Who would think that strong, padded shoulders would make a comeback after they were used and abused during the ’80s, when even T-shirts would have Velcro linings to attach one, two or even three layers of foam? It was such overkill that no one ever wanted to see them again during the minimalist ’90s.
And yet, here they are again gracing the recent fall couture runways. They have actually been creeping in for the past three years with the revival of ’80s looks. Is it the pandemic effect that they mimic a form of armor to offer security and protection? Or after lockdown lounging, is there an urgency to come out of the cocoon in a scene-stealing, assertive silhouette to start normal life anew with conviction?
Shoulder pads were used as protection from injury for football players in the late 1800s, although padding in shoulders was used in royal court as early as the 17th century and in the 18th century for military uniforms.
In the colonial Philippines, there was a focus on the shoulders in the traje de mestiza attire, where the pañuelo (fichu), together with the bell sleeves, created an armor of translucent layers that could deter a prospective suitor from even attempting a kiss. As a form of protection and to discourage men even more, the pañuelo was attached with pins, which acted as additional weapons of defense.
At Ternocon 2020, Lesley Mobo had his updated versions of empowered women inspired by vintage photos of Filipinas in their baro’t saya traversing the metropolis carrying their tampipis.
The football player’s inverted triangular shape inspired the designer Elsa Schiaparelli, who used shoulder pads in the ’30s. Southeast Asian ceremonial dress with extravagant shoulder flanges and small waists was also an influence.
In 1932, Joan Crawford wore a dress with oversized ruffled shoulders in the film Letty Lynton. Designed by Adrian, the use of voluminous shoulders was an attempt to conceal the naturally wide shoulders of the actress, who was insecure about them. Eventually, Adrian convinced her that they were actually quite appealing by emphasizing them even more with the padded shoulder look that caught on in the film and fashion world.
With the onset of World War II, the fashion trend crossed over from the glamorous to the practical, as women began to fill jobs left by men who had to join the front lines. To transition to this new territory, womenswear took on a more masculine quality, borrowing from military uniforms by using scrap fabrics or even sawdust to bulk up the shoulders.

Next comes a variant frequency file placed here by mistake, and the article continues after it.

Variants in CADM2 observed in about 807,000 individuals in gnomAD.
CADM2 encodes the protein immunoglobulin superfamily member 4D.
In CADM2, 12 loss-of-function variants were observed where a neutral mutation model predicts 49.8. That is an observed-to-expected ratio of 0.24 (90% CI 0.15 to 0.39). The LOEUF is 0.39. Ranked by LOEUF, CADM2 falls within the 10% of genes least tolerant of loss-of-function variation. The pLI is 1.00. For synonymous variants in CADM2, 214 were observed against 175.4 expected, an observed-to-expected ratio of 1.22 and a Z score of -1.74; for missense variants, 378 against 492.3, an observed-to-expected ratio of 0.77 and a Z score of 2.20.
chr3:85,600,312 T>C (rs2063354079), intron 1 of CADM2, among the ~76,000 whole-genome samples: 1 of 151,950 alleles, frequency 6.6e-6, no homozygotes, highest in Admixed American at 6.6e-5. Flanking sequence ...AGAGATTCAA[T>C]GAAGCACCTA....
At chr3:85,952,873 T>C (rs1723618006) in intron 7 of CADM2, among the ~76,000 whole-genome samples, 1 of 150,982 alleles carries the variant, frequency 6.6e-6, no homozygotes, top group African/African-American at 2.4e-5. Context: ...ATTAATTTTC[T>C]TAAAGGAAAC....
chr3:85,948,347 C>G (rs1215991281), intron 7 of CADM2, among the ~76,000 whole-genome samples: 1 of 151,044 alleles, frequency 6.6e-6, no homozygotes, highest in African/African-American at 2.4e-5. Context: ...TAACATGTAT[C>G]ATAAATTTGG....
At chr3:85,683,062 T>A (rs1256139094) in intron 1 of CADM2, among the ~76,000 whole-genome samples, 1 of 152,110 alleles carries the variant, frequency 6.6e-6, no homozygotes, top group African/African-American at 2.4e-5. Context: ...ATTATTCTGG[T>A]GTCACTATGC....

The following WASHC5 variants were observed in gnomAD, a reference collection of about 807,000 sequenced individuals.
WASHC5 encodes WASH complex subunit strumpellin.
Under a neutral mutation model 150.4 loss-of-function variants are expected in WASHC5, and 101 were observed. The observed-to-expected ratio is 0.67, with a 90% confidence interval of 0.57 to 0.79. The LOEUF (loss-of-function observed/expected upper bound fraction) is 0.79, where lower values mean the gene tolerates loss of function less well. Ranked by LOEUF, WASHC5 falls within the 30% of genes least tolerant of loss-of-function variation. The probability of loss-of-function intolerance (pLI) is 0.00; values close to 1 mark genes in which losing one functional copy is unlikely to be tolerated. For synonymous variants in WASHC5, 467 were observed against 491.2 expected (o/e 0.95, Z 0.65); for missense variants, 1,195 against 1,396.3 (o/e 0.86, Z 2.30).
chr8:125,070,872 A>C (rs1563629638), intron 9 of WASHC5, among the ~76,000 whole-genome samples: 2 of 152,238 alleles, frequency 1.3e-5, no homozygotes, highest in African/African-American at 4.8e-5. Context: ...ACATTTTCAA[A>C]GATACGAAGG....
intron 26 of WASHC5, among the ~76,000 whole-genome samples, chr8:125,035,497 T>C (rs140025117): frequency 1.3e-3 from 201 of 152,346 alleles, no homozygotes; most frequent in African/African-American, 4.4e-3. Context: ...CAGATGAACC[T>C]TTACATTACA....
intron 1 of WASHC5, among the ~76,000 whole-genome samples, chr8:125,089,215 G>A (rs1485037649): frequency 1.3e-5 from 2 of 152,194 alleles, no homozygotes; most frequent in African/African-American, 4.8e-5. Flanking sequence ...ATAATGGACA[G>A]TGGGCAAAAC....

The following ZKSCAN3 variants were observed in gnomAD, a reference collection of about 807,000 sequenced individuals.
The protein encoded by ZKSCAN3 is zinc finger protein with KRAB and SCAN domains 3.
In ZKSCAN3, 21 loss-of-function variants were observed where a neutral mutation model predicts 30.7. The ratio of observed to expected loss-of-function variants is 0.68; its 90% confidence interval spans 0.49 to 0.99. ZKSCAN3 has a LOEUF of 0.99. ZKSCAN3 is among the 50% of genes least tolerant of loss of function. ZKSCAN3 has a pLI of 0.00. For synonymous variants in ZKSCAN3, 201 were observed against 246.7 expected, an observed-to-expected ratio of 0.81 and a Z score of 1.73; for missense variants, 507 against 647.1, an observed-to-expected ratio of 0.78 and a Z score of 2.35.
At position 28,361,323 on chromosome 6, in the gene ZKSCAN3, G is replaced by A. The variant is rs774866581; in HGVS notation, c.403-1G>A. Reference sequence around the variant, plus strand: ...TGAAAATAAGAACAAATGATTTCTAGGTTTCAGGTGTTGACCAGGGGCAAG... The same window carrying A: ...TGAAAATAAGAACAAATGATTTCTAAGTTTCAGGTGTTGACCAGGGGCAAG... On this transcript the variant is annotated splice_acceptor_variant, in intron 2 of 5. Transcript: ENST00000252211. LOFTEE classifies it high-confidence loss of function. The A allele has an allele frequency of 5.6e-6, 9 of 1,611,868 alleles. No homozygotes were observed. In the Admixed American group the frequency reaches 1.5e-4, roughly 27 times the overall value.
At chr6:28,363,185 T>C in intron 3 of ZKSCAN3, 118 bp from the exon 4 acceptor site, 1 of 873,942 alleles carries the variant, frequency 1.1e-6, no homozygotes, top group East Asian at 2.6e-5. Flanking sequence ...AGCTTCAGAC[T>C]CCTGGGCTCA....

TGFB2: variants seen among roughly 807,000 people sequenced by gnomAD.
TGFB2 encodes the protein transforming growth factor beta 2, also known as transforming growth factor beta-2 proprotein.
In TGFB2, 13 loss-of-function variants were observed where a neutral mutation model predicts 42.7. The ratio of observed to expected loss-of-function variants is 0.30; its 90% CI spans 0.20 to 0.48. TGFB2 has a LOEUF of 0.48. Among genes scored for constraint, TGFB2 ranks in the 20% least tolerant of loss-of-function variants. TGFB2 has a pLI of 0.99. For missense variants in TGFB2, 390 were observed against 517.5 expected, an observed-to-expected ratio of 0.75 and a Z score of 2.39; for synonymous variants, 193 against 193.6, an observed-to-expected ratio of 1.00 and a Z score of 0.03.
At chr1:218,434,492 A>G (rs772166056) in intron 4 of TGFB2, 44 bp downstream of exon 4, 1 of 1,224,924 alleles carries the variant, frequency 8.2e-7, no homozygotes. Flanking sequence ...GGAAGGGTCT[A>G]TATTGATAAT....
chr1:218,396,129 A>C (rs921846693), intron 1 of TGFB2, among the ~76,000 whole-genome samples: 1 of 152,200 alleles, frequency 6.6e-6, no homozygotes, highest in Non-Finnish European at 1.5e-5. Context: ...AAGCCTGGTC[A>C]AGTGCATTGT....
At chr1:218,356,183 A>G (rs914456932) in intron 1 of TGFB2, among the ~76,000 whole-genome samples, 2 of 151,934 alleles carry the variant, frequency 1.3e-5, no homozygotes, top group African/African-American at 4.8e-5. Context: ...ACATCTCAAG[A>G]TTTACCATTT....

With gender fluidity, men and women now borrow from each other’s fashions.
By 1945, in the film Mildred Pierce, Joan Crawford’s dresses had the most structured shoulder pads, befitting the role of a strong woman who, after her husband leaves her, is determined to achieve her own financial success and raise her two daughters as a single mother. It reflects the shifting gender roles that were happening in the real world.
After the war, shoulders took a backseat with the return of femininity in Dior’s 1947 New Look that emphasized the waist again. It had a resurgence in the 1970s when Yves Saint Laurent created the controversial 1971 collection inspired by the ’40s looks of Paloma Picasso, his muse who loved scouring flea markets for vintage finds. Fox fur coats with humongous padded shoulders caused a sensation that shook the couture status quo. In 1978 he would exaggerate the shoulders again on jackets over slim trousers, turning it into a major trend, catching on with designers in fashion capitals and heralding the ’80s power-shouldered look. Paris designers like Karl Lagerfeld, Thierry Mugler and Claude Montana would do a 1940s revival silhouette version, while US designers like Perry Ellis, Norma Kamali and Calvin Klein, and Italian designers like Giorgio Armani would favor a sportswear look.
With the number of working women increasing in the 1980s and the phrase “smash the glass ceiling” embodying the feminist goals of the era, there was a clamor to gain equal status with men, epitomized by Melanie Griffith’s power suit in the 1988 film Working Girls. Ann Klein and Ralph Lauren’s power suits would bring the look to the mainstream — an oversized silhouette that acted as armor to march into the male-dominated office while acting as a shield to hide the actual shape of the body as protection against the omnipresent male gaze.
By 2017 onwards, with the #MeToo movement against sexual abuse by men gaining traction, social media was used against gender discrimination and dressing up for the office was more relaxed, with broad shoulders no longer used the way they were before when women borrowed from men’s clothing to gain equality. With gender fluidity, men and women now borrow from each other’s fashions. Demna Gvasalia at Balenciaga showed shoulder pads on both men and women for FW 2019, Balmain and Saint Laurent used them to channel ’80s glam, while they provided genderless accents at Comme des Garçons and Maison Margiela.
In the Philippines, where the abuse of padded shoulders in the ’80s is still fresh in the memory and brings a certain aversion, designers have found innovative ways to create strong shoulders through novel cuts, like the way Joey Samson does it. For his Red Charity Gala show he went even more sculptural with a one-sided installation done in collaboration with the artist Ryan Villamael.
Evolving from its feminist roots, strong shoulders now embody a more personal expression that need not be labeled as feminine or masculine but reflects the complexity of the individual and his/her/their many facets.